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Tuesday, August 16, 2011

Emeral Ash Borer

Many Michigan land owners have had trouble with the emeral ash borer; espcially when it comes to their ash trees.  Personally, I know that my parents have lost some ash trees to these insects. 

After you are done reading perhaps you will tell us of your problems that you have had with these insects and/or solutions to saving your trees.  Comments are welcome.

The outbreak of emerald ash borer (EAB), an invasive, exotic insect, has left many Michigan woodlot owners wondering how to best utilize ash trees.  There are still lots of spots in our state that have not yet been affected much by EAB and cutting larger ash trees (greater than 15 inches in diameter) before EAB moves in certainly makes good economic sense and could play a role in disease control.  But, it is sometimes tough to predict how soon EAB will hit some of those (currently) disease-free trees.  Inquiries to local Michigan Department of Agriculture may yield some insight about how quickly landowners need to act.

Once a tree is infested by EAB, the leaves start coming off and new shoots start to sprout near the base of the tree.  The ash wood will retain most of its lumber value for a year or two after that, perhaps bringing $80 to $100 per thousand board feet.  But once the bark starts falling off, timber buyers will likely consider the wood suitable only for making pallets and the value drops off dramatically.   Thus, landowners wanting the most cash for their trees must move quickly to attract buyers.  There is a lot of ash available to be cut, but most of it is smaller than timber buyers seek and many landowners don’t have enough of it to warrant a logging project.  So, landowners with big ash trees and good volumes can still expect a number of timber buyers to bid.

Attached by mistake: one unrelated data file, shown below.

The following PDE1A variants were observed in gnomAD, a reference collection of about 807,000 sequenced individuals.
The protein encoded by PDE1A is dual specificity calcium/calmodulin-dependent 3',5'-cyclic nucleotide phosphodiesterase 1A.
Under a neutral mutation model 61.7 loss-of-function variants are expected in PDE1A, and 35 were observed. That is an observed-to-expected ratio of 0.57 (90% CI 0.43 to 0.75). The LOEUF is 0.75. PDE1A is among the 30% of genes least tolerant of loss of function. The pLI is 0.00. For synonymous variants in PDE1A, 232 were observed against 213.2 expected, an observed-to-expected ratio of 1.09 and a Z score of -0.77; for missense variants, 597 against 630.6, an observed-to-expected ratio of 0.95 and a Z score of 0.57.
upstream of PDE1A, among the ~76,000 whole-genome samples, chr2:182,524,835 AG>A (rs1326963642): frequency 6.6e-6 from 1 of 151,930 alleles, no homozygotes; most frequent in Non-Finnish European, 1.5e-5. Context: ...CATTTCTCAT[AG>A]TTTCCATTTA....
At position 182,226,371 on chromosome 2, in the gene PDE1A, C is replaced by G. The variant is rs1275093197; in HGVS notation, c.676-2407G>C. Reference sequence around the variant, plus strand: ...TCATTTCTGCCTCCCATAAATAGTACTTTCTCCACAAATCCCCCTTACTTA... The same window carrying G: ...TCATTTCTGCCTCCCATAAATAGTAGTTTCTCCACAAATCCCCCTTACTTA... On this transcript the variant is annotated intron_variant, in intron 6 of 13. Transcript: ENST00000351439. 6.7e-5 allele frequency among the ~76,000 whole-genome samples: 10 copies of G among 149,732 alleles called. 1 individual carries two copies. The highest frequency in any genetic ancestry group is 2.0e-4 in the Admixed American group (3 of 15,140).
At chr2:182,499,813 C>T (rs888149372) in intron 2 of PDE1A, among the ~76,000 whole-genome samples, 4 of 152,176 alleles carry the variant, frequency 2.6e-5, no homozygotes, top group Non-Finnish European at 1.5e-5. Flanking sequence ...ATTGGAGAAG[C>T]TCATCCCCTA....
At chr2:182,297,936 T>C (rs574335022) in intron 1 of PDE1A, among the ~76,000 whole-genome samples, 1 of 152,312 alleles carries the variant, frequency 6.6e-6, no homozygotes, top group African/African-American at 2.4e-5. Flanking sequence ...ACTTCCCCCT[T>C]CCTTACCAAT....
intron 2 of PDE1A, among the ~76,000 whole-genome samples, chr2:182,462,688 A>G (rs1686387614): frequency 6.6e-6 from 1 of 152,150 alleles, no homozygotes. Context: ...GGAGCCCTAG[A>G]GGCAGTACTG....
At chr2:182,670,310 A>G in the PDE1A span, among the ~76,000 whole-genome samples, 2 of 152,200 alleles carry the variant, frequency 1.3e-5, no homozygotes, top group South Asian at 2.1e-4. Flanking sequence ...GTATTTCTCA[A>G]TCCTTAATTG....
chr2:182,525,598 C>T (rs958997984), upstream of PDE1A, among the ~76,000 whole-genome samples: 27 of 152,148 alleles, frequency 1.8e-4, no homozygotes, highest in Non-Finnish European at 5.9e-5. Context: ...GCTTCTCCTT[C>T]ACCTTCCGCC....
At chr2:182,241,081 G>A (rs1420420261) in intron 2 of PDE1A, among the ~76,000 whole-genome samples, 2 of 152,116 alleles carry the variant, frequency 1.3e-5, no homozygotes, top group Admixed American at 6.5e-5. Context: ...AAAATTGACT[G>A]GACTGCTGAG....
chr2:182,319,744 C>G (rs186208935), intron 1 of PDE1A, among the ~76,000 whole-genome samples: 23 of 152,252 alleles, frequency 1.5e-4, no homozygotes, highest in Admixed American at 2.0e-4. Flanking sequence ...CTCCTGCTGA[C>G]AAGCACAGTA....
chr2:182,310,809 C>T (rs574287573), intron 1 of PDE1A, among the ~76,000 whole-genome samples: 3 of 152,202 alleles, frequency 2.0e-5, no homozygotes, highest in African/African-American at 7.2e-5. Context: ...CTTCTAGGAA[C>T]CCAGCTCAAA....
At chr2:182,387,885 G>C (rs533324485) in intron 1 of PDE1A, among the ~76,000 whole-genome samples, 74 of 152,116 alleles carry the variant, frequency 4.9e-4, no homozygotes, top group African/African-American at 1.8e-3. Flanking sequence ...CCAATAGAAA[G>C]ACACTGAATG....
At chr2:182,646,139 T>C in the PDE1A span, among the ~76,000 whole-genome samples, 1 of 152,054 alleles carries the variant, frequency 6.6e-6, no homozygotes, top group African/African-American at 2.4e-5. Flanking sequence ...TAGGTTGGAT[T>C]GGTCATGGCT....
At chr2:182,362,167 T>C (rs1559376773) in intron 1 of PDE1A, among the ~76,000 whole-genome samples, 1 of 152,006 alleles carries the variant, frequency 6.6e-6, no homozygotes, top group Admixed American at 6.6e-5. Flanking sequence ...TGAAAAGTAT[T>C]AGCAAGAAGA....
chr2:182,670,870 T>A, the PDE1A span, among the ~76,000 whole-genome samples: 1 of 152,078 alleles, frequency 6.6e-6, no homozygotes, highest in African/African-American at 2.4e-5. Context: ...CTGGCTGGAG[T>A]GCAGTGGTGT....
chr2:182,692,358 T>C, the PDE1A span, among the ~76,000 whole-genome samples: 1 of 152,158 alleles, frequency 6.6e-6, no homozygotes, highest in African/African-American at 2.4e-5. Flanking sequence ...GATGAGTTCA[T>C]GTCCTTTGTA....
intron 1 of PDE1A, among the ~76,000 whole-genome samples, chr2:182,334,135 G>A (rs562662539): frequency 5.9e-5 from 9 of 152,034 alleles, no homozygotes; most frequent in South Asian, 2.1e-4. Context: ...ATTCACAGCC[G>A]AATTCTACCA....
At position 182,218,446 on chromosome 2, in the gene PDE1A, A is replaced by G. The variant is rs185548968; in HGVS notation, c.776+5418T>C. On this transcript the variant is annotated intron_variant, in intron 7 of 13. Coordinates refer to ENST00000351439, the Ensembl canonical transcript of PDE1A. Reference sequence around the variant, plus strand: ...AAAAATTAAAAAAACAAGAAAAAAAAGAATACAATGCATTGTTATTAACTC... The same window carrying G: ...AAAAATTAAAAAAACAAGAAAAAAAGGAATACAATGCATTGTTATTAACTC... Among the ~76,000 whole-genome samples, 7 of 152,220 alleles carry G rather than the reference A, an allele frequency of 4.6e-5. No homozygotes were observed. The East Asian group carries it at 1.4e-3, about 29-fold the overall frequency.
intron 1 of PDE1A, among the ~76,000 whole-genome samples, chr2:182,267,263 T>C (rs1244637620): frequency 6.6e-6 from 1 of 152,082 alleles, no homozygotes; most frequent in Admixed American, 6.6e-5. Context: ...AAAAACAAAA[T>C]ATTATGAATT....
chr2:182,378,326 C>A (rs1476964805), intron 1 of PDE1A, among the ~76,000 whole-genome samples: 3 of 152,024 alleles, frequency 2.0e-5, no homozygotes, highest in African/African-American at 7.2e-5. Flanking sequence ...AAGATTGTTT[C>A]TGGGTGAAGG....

Ash trees killed by EAB have value as firewood, provided that wood is not moved outside quarantined areas.  Ash logs split and dry fairly easily and have long been favored by homeowners who heat with wood and campers alike.  And there are unique local markets for ash wood.  For example, some Native Americans occasionally purchase ash wood for basket-making.

The ash tree (white ash, green ash, and black ash) has great importance in Native culture as it was and still is the tree used to make baskets and other utility containers, according to Eva Menefee, of the Oneida Tribe.  “Many of the most beautiful baskets that have lasted throughout the years were those made from wood of the ash tree,” she added.  “While this tree was not one of the defined sacred plants, through tradition, the ash tree played an important role in the daily lives of Native people.  It was used for thousands of years, to provide Native peoples with material to make items that were used daily and on special occasions.”
Landowners who aren’t interested in selling ash wood can opt to leave some or all of the larger (greater than 12 inches in diameter) diseased trees standing.  That will benefit cavity dwelling wildlife, especially woodpeckers, owls, song birds, squirrels, raccoons and opossums.

In 1988, the Forest Service not only began retaining dead and dying trees after timber harvests, it began experimenting with different methods of creating such habitat components in stands where they were absent.  In one effort the Forest Service and the Michigan Wildlife Conservancy joined in a partnership to create snags by topping trees at a height of 20-25 feet with a mechanical shear.  This was found to be a cost effective way to help cavity nesting wildlife.  Ash trees tend to develop valuable cavities in about six to seven years regardless if the trees are killed by EAB or a mechanical method.

You Can Save Your Ash Tree
Most homeowners in the Lower Peninsula have already lost the ash trees in their yard.  But if you have a specimen tree or two that you want to keep alive, the following is recommended:

Purchase the soil insecticide imadacloprid at your garden center or box store.  A common brand is Bayer Advanced Tree and Shrub Insect Control.  Follow the instructions to mix the appropriate amount for the size of tree(s) and spread around tree, about 18’’ from the trunk.
Before drenching the soil remove all mulch and organic material so that the insecticide gets into the soil immediately.  Don’t treat your tree if the soil is water-logged.  Treat ash trees once annually in mid-fall or mid to late spring.

Keep it Wild!

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